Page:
Waterloo community hopes to boost reputation with Congress 2012
Beginning this Saturday, the campuses of Wilfrid Laurier University and the University of Waterloo (UW) will be buzzing again, as approximately 7,000 delegates roll into Waterloo for Congress 2012, an annual convention for the social sciences and humanities.
With lectures, panels and workshops, covering a variety of topics, Congress will be the first of its kind to be held in Waterloo, and many hope it’ll have a positive impact not only on the two universities, but also on the city.
“It’s such a great opportunity to think about our world, and to experience the thinking and scholarship of others who are doing so much wonderful work in the humanities and the social sciences,” explained James Skidmore, one of the two academic co-conveners for the convention and a Germanic and Slavic studies professor at UW.
“It’s also an opportunity to learn about some of the ideas that are influencing our society today or have the potential to influence our society today and tomorrow.”
The theme of this particular Congress is labeled as a “crossroad scholarship for an uncertain world.” Essentially, academics, presenters and lecturers will be discussing how the social sciences and humanities can now move forward in conjunction with fields such as science, business and technology.
“We can’t live in our academic silos, but there needs be some cross-pollination,” said Congress 2012 project coordinator Sheldon Pereira, about the theme of the convention. “I think this Congress, more than ever before, is very tangible, it’s very real. It speaks to the kind of cross-over in research and teaching that we all understand and that we all know needs to happen.”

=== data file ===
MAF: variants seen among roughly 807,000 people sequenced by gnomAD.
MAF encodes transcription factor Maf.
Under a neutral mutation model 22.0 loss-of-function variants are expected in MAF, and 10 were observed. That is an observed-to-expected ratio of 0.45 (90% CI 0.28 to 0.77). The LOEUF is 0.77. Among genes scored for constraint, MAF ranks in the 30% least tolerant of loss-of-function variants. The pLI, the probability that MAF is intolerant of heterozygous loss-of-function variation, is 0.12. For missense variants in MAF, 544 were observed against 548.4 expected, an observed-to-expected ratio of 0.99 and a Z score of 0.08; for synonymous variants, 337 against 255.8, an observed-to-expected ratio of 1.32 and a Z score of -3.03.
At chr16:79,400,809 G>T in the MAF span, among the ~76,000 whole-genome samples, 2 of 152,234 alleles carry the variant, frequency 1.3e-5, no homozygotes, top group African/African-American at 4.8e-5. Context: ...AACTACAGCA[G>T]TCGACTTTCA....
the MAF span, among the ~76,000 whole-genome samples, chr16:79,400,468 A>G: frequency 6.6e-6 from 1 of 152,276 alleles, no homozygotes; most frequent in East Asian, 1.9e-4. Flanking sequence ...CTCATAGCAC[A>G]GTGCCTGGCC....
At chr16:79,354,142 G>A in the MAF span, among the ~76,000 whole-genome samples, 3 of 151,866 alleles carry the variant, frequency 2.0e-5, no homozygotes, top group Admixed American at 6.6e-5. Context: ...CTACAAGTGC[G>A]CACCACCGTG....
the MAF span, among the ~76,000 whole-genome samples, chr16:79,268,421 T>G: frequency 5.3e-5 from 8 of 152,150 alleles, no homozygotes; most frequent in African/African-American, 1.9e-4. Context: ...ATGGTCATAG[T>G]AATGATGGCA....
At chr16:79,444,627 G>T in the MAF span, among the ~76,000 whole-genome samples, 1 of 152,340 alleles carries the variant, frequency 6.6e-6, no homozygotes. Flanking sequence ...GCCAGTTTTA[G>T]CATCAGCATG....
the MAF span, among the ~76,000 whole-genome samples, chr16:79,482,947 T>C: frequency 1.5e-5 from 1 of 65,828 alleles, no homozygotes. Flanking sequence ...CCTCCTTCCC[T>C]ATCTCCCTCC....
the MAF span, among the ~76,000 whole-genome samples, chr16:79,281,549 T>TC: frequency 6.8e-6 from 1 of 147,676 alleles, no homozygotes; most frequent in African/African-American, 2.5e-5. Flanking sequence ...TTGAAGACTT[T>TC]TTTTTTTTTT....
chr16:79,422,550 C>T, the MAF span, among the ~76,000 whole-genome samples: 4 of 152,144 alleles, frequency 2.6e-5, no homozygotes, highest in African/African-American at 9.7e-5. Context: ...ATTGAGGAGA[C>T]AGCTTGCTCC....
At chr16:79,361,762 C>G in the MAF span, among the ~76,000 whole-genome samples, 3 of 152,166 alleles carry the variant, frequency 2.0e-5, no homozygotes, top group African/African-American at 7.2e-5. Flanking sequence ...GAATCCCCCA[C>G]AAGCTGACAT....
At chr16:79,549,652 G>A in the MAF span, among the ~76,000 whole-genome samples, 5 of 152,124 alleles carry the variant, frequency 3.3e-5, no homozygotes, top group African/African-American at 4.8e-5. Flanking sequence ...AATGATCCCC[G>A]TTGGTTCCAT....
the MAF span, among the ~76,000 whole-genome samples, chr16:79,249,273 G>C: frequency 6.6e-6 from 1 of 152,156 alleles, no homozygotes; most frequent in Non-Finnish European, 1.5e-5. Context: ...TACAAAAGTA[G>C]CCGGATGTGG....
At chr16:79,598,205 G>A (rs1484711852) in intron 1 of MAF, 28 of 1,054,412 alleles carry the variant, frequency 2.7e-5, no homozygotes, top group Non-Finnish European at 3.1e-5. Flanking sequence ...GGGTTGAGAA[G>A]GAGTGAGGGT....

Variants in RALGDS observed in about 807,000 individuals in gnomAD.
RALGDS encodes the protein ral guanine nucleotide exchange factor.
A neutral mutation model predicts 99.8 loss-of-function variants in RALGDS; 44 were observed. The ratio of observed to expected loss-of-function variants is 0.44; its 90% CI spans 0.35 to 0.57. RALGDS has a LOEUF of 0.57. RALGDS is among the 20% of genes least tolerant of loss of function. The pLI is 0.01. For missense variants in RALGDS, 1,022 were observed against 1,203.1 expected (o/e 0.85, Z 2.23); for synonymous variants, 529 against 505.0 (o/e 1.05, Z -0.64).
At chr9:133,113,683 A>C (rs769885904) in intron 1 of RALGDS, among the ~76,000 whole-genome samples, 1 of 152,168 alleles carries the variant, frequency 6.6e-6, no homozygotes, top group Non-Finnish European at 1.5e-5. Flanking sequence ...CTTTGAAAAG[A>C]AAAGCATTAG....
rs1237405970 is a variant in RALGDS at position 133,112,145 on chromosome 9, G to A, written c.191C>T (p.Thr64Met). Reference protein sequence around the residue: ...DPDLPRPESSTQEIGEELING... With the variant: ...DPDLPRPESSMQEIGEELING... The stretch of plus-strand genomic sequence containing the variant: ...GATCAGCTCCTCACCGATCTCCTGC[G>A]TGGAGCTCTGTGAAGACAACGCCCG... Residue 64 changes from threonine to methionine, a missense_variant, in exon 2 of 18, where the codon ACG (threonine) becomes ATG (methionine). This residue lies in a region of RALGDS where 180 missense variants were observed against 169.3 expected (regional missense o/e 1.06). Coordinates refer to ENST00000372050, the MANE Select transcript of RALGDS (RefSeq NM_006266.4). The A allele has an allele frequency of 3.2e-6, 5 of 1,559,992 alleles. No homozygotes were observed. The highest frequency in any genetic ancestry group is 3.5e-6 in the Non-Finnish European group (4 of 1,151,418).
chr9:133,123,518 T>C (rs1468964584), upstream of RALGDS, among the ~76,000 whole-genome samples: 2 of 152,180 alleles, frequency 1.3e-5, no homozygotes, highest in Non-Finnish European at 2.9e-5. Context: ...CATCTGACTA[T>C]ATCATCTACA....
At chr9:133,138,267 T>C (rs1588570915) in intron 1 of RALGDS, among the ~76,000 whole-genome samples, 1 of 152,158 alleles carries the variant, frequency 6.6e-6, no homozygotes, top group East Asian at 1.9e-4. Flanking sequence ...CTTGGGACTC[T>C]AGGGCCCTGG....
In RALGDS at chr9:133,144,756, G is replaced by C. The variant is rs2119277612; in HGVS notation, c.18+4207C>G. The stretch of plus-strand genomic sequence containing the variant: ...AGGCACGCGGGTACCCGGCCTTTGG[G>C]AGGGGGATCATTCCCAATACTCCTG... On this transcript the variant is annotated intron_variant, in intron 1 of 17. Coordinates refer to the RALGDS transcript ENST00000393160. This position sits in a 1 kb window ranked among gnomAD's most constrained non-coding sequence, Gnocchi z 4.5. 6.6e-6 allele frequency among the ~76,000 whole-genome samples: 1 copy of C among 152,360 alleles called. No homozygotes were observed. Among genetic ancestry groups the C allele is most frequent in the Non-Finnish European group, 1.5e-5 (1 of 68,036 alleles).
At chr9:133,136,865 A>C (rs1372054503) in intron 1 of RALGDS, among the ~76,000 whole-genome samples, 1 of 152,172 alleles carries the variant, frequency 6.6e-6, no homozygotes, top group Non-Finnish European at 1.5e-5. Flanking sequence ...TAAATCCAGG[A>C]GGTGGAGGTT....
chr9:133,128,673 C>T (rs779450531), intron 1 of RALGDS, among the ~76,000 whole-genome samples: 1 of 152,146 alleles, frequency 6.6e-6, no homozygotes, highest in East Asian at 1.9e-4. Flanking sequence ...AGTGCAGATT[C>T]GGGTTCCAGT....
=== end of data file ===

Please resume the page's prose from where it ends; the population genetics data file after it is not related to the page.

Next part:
Among some of the lecturers and presenters are Canadian literary icon Margaret Atwood and Canada’s Governor General — and former UW president — David Johnston.
In addition to the distinguished scholars that are attending, the delegates — who are mainly graduate students and professors from across the country — will have an opportunity to present their own research and papers to their fellow colleagues.
“For the delegates and the scholars, it’s the chance to meet other scholars and to present your research for the interest of people in your area,” said Eleanor Ty, the other co-convener for Congress and an English professor at WLU.
“And for students it’s a chance to meet people and scholars who have books or articles, and to see them at a more casual setting.”
Ty also noted that Congress 2012, while being mainly an academic conference, will also be a very “social” event where the delegates will have lots of opportunity to mingle with one another. Furthermore, Congress is also hosting a CONNECTENT in the parking lot at Erb St. and Father David Bauer Drive in Uptown Waterloo that will attempt to engage the local community.
“We wanted to make Congress accessible to the community both from an academic programming perspective, but also socially,” added Pereira, “so extending the boundaries of Congress into the community to highlight local entertainment, local food, local breweries, then also an opportunity to interact with Congress delegates and vice-versa.”
Waterloo Region’s tourism office estimates that an inflow of $7 million will be generated for the city and its businesses because of this convention. Not only will it be making money, but also, according to Skidmore, it will help boost the reputation and exposure of Waterloo and the two universities.
“I wouldn’t be surprised if it’s that kind of impact,” said Skidmore about the $7 million figure. “The exposure on the national and international level is fantastic, you have a lot of national media coverage too.”
Ty hopes this puts Laurier on the same level as larger Canadian universities such as the University of Toronto.
“It’s a chance to see my friends and colleagues on my own turf, and have a chance to say that, ‘We can do it too,’” she concluded.
Congress 2012 will run from May 26 to June 2 on both the UW and WLU campuses. Follow thecord.ca during the convention for stories and updates on lectures, panels and more.
For more information, including a full list of speakers, visit the Congress 2012 website.
Editor’s note: the article has been updated since its original publishing date.